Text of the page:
Día de Muertos


Diana Diaz Aguirre, Journalist

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The Day of the Dead, or Día De Los Muertos, is a worldwide cultural holiday. Although it originated in Mexico, the Day of the Dead is celebrated all through South America and areas with a large Latin American population. The purpose of the Day of Dead is to gather individuals together and recognize those who have passed away in a wholeheartedly manner.

There are many different routines used to celebrate the Day of the Dead, most famously, there are face painted skeletons, dances, singing, decorated altars, and parties. As a way of hospitality and politeness, families usually gather at member’s graves to clean and decorate them.

“Basically we do altares (altars) where we put their (passed family) favorite food and a picture of them to remember (…) I would love to go during this time (Mexico’s Holiday Celebration) because it displays our culture in a way that shows how if someone who has died, never really dies in our heart,” stated Jose Navarro, junior.

An altar made during the Day of Dead is used as a form of representation to honor all our loved ones. You would find flowers, photos, candles, skulls, food, momentos, etc., on an average altar. Bright orange flowers are also an important portrayal of the holiday, used as a decoration as well as traditional belief.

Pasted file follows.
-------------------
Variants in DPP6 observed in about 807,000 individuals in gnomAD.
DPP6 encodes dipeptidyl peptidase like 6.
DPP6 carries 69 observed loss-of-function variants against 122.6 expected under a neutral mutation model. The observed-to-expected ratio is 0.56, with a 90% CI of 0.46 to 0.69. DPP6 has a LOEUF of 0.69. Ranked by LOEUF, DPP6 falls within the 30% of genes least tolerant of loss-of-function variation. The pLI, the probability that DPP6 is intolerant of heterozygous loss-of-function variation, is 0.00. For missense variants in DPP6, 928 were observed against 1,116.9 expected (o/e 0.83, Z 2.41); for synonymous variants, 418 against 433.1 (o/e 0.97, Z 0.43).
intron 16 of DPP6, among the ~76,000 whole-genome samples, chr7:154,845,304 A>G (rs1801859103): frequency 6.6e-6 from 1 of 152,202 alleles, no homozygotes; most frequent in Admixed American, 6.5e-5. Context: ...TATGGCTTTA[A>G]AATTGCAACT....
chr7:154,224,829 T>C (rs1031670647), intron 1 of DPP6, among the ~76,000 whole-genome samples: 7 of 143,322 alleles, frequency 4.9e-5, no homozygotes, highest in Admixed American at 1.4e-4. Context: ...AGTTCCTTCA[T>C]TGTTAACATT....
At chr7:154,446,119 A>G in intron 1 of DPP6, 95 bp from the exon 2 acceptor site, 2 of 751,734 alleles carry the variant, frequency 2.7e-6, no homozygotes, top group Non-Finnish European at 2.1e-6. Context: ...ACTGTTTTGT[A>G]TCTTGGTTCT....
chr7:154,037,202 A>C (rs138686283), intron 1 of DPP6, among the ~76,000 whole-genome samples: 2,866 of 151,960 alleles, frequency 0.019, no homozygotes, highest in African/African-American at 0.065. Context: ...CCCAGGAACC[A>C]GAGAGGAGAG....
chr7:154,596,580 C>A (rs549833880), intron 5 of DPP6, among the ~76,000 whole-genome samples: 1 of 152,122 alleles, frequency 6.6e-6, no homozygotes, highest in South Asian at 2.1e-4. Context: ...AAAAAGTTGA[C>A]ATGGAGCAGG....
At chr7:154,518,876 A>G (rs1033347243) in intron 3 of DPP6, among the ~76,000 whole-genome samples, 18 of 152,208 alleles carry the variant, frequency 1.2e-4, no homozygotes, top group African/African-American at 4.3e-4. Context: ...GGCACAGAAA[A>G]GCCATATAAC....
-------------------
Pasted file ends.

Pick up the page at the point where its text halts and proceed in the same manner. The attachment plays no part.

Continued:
“My family makes a small altar at our house where we put pictures of our relatives who have passed away so that when Día De Muertos comes, we can light them candles,” stated Mia Beltran- Vasquez, sophomore.  

The Day of Dead brings a lively celebration to the latin community creating a stronger connection for their culture. It is a celebration of life and death, allowing inclusivity to everyone and acknowledging the commemoration of past relatives. What do you do to celebrate El Día De Muertos?